You can hear the pinewood burnin’/You can hear the school bell ring/Gotta get up near the teacher if you can/If you wanna learn anything… – Bob Dylan, “Floater (Too Much to Ask)”
In Praise of American Educators: And How They Can Become Even Better by Richard DuFour (Solution Tree, $34.95, 256 pages)
Money Where the Mouth is
In the “old days,” Mr. Zimmerman’s conventional wisdom might have been considered the best advice going on how to do well in school. Conform, comply, raise your hand, turn in your work on time, please the teacher, memorize facts, get your “A” – and away we go. Some will go to college, some will not, and que sera sera. But times have changed. We know better now, and the stakes are too high to continue to proceed in a business as usual approach. Despite this, far too many schools and districts across the country – much less policy makers and elected officials, refuse to address culture, adjust practice, and change education policy in ways that establish systems and funding mechanisms to support a changing profession.
Imagine if you went to a doctor who butchered your knee instead of performing a simple scope? Yet, all too often emotion and nostalgia, not knowledge, drive decision making in public education; the system goes limping along. Then, when low results do not coincide with high expectations, it’s blame the teacher and fire the superintendent time.
The title of Rick DuFour’s latest book, In Praise of American Educators, is a tad deceiving. While he does indeed laud educators for their many accomplishments – such as record graduation rates – he also addresses the urgency for improvement. However, unlike many who criticize for profit or personal gain, DuFour actually offers a solution. Not surprisingly, that solution is Professional Learning Communities (PLCs).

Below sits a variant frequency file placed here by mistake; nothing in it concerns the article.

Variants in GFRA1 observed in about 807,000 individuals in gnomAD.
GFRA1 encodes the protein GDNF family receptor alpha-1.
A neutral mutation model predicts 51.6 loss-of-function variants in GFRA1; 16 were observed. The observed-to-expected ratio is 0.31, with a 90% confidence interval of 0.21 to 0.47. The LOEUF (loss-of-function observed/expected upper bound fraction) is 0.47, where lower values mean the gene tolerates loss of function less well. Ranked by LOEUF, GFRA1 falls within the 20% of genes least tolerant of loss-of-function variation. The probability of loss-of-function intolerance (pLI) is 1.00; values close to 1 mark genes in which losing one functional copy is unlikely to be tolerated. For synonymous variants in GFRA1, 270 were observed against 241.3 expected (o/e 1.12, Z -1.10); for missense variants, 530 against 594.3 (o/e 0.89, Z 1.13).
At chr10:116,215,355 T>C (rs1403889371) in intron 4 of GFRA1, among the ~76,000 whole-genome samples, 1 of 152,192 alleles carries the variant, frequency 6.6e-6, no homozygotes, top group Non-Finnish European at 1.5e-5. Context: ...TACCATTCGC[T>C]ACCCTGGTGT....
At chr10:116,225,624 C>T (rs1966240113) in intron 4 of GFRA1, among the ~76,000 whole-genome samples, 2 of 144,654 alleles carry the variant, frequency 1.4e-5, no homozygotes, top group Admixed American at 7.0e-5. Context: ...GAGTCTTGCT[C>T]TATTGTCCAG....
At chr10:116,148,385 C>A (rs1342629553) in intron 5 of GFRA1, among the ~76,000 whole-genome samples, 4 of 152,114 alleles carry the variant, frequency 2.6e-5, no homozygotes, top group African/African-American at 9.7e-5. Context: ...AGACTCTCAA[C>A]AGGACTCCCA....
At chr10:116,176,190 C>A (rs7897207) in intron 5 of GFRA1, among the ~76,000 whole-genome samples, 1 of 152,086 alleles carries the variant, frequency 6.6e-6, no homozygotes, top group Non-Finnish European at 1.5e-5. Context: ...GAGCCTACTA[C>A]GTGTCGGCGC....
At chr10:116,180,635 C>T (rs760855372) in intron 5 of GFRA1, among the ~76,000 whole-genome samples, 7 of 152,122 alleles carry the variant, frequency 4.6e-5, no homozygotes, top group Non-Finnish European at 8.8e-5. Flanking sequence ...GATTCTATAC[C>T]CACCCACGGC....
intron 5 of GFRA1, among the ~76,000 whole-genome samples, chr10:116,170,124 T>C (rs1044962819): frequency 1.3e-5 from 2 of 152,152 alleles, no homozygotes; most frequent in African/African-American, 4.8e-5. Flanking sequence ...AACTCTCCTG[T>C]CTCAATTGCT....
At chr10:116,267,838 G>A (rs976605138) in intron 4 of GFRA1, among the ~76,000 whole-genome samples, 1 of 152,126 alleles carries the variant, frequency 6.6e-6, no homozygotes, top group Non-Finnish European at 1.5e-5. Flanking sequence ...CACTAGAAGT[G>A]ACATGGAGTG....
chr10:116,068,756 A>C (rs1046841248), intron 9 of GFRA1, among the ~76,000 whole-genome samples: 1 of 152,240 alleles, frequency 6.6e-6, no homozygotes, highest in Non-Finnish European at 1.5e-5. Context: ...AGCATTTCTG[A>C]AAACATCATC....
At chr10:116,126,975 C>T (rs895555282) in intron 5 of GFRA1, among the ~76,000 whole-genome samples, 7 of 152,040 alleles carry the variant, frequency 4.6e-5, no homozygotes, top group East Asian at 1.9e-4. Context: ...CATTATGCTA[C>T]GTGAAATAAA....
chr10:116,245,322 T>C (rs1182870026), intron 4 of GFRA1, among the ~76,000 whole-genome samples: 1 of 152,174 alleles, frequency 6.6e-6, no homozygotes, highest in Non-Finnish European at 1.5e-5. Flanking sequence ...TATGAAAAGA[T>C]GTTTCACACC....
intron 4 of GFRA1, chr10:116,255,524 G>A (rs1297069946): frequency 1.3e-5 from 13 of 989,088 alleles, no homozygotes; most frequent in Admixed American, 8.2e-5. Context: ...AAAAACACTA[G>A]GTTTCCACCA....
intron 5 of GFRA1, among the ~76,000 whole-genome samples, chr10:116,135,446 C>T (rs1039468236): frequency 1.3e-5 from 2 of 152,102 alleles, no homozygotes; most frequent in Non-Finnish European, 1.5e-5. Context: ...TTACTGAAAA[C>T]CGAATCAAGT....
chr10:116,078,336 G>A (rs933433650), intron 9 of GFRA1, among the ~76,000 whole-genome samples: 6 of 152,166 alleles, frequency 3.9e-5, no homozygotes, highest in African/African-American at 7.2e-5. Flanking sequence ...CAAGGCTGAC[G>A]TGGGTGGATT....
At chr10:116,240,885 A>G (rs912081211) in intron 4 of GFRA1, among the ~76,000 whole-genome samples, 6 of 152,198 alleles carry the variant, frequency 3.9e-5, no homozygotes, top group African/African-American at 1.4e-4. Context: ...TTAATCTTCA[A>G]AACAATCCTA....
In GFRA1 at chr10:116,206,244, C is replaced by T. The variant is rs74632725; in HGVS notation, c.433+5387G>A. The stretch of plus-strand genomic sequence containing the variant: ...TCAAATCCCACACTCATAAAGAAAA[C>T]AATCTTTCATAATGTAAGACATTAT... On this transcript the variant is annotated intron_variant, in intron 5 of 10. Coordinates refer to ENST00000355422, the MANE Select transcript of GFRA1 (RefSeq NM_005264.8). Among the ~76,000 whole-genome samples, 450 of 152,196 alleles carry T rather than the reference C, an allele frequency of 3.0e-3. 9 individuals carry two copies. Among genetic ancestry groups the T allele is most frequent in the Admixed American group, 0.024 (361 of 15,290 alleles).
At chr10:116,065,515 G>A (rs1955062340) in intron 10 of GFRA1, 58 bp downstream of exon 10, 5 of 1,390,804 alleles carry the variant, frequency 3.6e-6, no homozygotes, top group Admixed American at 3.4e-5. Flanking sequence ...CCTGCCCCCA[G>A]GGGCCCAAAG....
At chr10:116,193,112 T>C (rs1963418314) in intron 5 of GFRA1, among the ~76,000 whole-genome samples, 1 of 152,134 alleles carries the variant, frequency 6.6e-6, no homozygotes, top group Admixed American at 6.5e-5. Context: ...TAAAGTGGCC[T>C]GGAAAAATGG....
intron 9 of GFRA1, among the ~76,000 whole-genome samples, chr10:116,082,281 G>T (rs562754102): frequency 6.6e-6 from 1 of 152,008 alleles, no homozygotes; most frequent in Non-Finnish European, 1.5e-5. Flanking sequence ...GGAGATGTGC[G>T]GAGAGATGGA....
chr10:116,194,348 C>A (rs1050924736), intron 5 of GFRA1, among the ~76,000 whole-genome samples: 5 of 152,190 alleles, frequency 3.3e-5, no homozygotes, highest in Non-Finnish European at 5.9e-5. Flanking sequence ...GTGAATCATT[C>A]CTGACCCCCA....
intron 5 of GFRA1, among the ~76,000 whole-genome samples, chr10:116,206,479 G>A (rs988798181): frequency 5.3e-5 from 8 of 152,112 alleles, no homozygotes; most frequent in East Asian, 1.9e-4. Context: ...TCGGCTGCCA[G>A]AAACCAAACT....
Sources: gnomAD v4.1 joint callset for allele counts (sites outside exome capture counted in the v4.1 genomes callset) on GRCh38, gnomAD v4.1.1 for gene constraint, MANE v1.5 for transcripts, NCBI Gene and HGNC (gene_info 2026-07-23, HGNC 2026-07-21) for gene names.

PLCs are not a structure or a program, but, rather, a way of life focused on professional collaboration and capacity building in which it is unacceptable for some students to fall short of mastery. Learning targets are clearly identified, student progress monitored in real time, and a system of interventions and enrichment for all students institutionalized. DuFour cites the top research from leaders in the filed, most notably Fullan, Hattie, Marzano, Hargraeves, Stiggins, McTighe, and Darling-Hammond.
For educators who have embraced DuFour’s work, many of the concepts will be familiar. But while the approach and presentation is unique and insightful at times, I don’t think this book was primarily written for educators. I think the intent of this book is to move a larger audience to both sensibility and action. Though many educators will read and enjoy this work, like Diane Ravitch’s mea culpa The Death and Life of the Great American School System, Michael Fullan and Joanne Quinn’s Coherence, or Sir Kenneth Robinson’s classic TED talk, How to Escape Education’s Death Valley, the book’s greatest impact would be if those in positions of power and the general populace actually read it, and – even better yet, listened.
DuFour is battling cancer. In the Acknowledgments section of the book he writes, “It is because of them (his professional colleagues) that I know the number of educators embracing PLCs will continue to grow and flourish long after I am gone.” For the good of the kids, and for the good of the country, let us hope he is right, as he has been so many times before. Oh, and thanks, Rick.
A review copy was provided by the publisher.
Dave Moyer is the Superintendent of the Elmhurst Community Unit School District 205 in Illinois, and is the author of Life and Life Only: A Novel.